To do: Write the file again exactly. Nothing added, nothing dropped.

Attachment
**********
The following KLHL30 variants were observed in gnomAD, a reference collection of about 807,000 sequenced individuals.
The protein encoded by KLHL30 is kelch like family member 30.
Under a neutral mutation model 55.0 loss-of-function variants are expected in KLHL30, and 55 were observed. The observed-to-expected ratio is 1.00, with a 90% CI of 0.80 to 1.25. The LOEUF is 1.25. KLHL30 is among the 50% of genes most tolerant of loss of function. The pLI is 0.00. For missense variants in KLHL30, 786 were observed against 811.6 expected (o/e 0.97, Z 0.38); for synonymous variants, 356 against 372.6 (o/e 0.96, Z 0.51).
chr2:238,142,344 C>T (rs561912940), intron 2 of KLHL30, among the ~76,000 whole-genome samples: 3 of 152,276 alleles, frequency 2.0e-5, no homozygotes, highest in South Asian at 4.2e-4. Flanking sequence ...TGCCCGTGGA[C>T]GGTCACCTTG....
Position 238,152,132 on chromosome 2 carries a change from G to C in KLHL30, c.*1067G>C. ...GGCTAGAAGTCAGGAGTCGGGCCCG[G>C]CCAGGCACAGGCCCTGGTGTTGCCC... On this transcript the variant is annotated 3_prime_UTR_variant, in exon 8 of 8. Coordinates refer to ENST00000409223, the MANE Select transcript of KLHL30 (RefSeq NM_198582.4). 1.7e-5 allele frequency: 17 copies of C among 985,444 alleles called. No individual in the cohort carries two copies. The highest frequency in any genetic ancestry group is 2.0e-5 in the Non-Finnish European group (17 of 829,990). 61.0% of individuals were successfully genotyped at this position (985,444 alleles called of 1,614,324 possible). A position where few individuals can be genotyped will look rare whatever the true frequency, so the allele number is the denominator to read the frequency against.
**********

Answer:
The following KLHL30 variants were observed in gnomAD, a reference collection of about 807,000 sequenced individuals.
The protein encoded by KLHL30 is kelch like family member 30.
Under a neutral mutation model 55.0 loss-of-function variants are expected in KLHL30, and 55 were observed. The observed-to-expected ratio is 1.00, with a 90% CI of 0.80 to 1.25. The LOEUF is 1.25. KLHL30 is among the 50% of genes most tolerant of loss of function. The pLI is 0.00. For missense variants in KLHL30, 786 were observed against 811.6 expected (o/e 0.97, Z 0.38); for synonymous variants, 356 against 372.6 (o/e 0.96, Z 0.51).
chr2:238,142,344 C>T (rs561912940), intron 2 of KLHL30, among the ~76,000 whole-genome samples: 3 of 152,276 alleles, frequency 2.0e-5, no homozygotes, highest in South Asian at 4.2e-4. Flanking sequence ...TGCCCGTGGA[C>T]GGTCACCTTG....
Position 238,152,132 on chromosome 2 carries a change from G to C in KLHL30, c.*1067G>C. ...GGCTAGAAGTCAGGAGTCGGGCCCG[G>C]CCAGGCACAGGCCCTGGTGTTGCCC... On this transcript the variant is annotated 3_prime_UTR_variant, in exon 8 of 8. Coordinates refer to ENST00000409223, the MANE Select transcript of KLHL30 (RefSeq NM_198582.4). 1.7e-5 allele frequency: 17 copies of C among 985,444 alleles called. No individual in the cohort carries two copies. The highest frequency in any genetic ancestry group is 2.0e-5 in the Non-Finnish European group (17 of 829,990). 61.0% of individuals were successfully genotyped at this position (985,444 alleles called of 1,614,324 possible). A position where few individuals can be genotyped will look rare whatever the true frequency, so the allele number is the denominator to read the frequency against.